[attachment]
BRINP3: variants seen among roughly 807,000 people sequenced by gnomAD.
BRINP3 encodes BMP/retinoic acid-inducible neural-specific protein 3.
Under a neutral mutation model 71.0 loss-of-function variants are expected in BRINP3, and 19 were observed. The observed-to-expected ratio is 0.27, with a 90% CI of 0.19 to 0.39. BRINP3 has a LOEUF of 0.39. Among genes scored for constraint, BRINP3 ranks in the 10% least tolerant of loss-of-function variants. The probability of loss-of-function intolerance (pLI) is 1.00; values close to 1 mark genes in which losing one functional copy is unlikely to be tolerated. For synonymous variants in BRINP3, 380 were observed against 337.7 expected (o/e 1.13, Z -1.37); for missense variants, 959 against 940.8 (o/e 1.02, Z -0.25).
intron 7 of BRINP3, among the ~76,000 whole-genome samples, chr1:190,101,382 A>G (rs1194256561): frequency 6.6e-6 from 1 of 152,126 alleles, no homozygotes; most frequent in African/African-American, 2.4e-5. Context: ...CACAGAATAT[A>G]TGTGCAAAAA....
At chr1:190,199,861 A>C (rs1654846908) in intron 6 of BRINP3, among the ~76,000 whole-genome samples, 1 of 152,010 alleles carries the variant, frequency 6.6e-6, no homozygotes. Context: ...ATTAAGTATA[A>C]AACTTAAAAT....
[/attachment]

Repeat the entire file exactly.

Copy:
BRINP3: variants seen among roughly 807,000 people sequenced by gnomAD.
BRINP3 encodes BMP/retinoic acid-inducible neural-specific protein 3.
Under a neutral mutation model 71.0 loss-of-function variants are expected in BRINP3, and 19 were observed. The observed-to-expected ratio is 0.27, with a 90% CI of 0.19 to 0.39. BRINP3 has a LOEUF of 0.39. Among genes scored for constraint, BRINP3 ranks in the 10% least tolerant of loss-of-function variants. The probability of loss-of-function intolerance (pLI) is 1.00; values close to 1 mark genes in which losing one functional copy is unlikely to be tolerated. For synonymous variants in BRINP3, 380 were observed against 337.7 expected (o/e 1.13, Z -1.37); for missense variants, 959 against 940.8 (o/e 1.02, Z -0.25).
intron 7 of BRINP3, among the ~76,000 whole-genome samples, chr1:190,101,382 A>G (rs1194256561): frequency 6.6e-6 from 1 of 152,126 alleles, no homozygotes; most frequent in African/African-American, 2.4e-5. Context: ...CACAGAATAT[A>G]TGTGCAAAAA....
At chr1:190,199,861 A>C (rs1654846908) in intron 6 of BRINP3, among the ~76,000 whole-genome samples, 1 of 152,010 alleles carries the variant, frequency 6.6e-6, no homozygotes. Context: ...ATTAAGTATA[A>C]AACTTAAAAT....